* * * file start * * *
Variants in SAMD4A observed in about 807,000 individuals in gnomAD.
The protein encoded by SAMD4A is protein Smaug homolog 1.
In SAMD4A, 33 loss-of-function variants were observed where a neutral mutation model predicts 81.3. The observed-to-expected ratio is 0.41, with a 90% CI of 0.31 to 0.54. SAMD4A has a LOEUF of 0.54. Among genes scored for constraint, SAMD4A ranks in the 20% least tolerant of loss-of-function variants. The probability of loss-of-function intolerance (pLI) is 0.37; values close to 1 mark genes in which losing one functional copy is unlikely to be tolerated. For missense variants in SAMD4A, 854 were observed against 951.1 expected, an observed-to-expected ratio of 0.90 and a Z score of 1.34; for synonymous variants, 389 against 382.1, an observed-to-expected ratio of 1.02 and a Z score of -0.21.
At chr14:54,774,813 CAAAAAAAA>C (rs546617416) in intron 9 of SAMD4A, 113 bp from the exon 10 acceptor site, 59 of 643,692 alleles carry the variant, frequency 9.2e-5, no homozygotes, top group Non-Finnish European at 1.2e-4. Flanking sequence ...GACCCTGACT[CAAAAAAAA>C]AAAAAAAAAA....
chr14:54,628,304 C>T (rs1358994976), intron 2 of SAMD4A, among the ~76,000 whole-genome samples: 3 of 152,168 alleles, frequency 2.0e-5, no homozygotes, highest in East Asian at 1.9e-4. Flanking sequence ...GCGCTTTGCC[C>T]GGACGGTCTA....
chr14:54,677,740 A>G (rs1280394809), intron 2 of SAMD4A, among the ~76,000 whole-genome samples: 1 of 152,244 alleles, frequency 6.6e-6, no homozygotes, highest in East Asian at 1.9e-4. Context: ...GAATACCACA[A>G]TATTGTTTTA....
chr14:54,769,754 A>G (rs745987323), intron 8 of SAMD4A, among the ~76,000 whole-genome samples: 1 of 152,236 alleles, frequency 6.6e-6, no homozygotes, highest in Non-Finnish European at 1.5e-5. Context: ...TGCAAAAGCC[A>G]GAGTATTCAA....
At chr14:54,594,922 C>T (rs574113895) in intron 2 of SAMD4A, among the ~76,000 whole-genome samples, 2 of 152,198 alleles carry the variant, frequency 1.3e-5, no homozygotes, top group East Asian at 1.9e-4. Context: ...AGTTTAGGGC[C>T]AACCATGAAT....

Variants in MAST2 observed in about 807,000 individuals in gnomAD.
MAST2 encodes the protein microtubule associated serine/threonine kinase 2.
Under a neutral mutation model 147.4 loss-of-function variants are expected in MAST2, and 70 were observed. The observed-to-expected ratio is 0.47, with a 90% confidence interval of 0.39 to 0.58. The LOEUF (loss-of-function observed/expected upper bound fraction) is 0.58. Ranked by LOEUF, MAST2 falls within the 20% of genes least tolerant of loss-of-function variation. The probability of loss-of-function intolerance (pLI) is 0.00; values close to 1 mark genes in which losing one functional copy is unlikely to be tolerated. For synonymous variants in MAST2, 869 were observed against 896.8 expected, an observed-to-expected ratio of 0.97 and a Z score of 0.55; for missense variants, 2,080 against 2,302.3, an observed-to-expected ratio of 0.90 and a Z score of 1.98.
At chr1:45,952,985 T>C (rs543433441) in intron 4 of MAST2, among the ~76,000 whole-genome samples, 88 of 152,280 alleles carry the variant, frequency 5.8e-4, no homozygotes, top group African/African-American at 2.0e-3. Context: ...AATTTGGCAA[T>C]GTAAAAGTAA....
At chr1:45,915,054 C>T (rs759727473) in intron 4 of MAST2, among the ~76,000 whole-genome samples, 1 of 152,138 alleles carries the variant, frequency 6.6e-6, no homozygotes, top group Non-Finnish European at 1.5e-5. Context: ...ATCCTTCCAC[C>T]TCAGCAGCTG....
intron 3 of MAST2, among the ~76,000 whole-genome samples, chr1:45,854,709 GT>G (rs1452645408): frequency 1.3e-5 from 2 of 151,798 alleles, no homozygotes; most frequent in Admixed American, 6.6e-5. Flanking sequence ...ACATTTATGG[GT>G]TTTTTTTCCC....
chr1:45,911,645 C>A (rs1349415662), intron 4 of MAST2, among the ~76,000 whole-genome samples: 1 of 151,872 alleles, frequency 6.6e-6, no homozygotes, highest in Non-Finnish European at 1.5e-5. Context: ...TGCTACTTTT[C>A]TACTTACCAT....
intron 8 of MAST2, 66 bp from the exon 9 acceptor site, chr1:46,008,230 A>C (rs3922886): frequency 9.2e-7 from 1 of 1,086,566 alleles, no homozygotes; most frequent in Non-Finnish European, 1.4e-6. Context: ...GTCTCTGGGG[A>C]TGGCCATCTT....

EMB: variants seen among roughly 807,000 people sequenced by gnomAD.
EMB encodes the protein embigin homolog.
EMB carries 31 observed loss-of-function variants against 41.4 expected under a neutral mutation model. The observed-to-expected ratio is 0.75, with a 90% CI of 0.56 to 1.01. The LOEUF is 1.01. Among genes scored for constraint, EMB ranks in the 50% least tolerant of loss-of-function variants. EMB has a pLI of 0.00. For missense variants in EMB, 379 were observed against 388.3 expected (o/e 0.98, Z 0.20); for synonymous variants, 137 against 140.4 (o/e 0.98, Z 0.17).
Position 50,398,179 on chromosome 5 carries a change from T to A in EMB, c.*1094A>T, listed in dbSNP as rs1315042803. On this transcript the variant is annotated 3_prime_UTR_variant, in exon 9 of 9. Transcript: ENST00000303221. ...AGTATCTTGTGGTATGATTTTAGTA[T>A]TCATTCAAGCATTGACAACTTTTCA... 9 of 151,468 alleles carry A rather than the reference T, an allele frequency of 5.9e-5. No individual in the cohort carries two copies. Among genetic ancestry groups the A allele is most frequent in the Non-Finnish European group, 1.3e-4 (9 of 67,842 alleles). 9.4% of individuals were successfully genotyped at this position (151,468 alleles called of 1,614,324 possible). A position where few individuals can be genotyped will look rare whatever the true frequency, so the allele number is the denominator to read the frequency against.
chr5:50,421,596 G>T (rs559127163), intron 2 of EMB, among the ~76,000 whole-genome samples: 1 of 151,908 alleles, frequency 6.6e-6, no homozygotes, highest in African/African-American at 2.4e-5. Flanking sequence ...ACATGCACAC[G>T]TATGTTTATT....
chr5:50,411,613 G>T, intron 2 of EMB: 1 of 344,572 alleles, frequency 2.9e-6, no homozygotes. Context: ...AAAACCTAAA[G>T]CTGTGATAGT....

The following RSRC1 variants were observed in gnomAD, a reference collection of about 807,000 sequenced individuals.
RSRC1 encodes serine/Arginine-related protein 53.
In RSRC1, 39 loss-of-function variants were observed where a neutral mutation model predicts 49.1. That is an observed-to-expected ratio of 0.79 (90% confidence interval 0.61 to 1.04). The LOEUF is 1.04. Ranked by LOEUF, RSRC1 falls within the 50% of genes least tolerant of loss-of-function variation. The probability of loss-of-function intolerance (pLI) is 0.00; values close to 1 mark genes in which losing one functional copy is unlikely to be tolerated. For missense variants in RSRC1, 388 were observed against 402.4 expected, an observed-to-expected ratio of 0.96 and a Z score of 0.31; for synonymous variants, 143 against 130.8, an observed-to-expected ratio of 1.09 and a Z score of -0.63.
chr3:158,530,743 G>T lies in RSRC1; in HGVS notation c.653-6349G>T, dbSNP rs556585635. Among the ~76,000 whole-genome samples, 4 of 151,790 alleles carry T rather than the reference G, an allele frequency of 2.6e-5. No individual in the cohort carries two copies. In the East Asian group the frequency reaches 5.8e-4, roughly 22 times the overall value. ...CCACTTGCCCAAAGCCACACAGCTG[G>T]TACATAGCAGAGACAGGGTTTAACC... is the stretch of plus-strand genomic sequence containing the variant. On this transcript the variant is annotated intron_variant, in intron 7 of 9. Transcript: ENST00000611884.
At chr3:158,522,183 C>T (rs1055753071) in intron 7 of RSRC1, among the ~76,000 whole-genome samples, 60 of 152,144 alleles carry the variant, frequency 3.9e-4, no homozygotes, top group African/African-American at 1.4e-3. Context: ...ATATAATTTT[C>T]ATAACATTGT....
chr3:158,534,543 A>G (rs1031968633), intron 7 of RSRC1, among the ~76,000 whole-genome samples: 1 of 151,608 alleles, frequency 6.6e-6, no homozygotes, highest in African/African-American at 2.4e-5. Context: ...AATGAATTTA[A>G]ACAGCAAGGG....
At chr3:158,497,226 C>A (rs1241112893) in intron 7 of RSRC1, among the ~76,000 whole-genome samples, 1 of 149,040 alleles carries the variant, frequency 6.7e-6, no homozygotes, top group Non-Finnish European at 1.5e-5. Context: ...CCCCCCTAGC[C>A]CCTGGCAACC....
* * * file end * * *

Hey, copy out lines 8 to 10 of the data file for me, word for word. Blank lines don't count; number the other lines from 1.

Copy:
At chr14:54,594,922 C>T (rs574113895) in intron 2 of SAMD4A, among the ~76,000 whole-genome samples, 2 of 152,198 alleles carry the variant, frequency 1.3e-5, no homozygotes, top group East Asian at 1.9e-4. Context: ...AGTTTAGGGC[C>T]AACCATGAAT....

Variants in MAST2 observed in about 807,000 individuals in gnomAD.
MAST2 encodes the protein microtubule associated serine/threonine kinase 2.